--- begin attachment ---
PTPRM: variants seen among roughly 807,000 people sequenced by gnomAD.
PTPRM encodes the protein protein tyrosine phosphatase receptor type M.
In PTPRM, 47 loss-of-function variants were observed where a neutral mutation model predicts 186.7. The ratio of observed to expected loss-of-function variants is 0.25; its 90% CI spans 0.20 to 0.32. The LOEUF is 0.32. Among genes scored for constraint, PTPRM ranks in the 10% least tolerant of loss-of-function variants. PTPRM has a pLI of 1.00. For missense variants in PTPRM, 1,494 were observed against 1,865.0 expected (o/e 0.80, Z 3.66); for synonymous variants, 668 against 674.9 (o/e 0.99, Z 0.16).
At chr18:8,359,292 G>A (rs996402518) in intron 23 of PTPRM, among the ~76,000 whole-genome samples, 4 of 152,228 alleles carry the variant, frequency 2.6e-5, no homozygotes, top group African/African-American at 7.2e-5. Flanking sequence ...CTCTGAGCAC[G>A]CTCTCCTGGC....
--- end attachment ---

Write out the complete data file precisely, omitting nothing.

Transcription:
PTPRM: variants seen among roughly 807,000 people sequenced by gnomAD.
PTPRM encodes the protein protein tyrosine phosphatase receptor type M.
In PTPRM, 47 loss-of-function variants were observed where a neutral mutation model predicts 186.7. The ratio of observed to expected loss-of-function variants is 0.25; its 90% CI spans 0.20 to 0.32. The LOEUF is 0.32. Among genes scored for constraint, PTPRM ranks in the 10% least tolerant of loss-of-function variants. PTPRM has a pLI of 1.00. For missense variants in PTPRM, 1,494 were observed against 1,865.0 expected (o/e 0.80, Z 3.66); for synonymous variants, 668 against 674.9 (o/e 0.99, Z 0.16).
At chr18:8,359,292 G>A (rs996402518) in intron 23 of PTPRM, among the ~76,000 whole-genome samples, 4 of 152,228 alleles carry the variant, frequency 2.6e-5, no homozygotes, top group African/African-American at 7.2e-5. Flanking sequence ...CTCTGAGCAC[G>A]CTCTCCTGGC....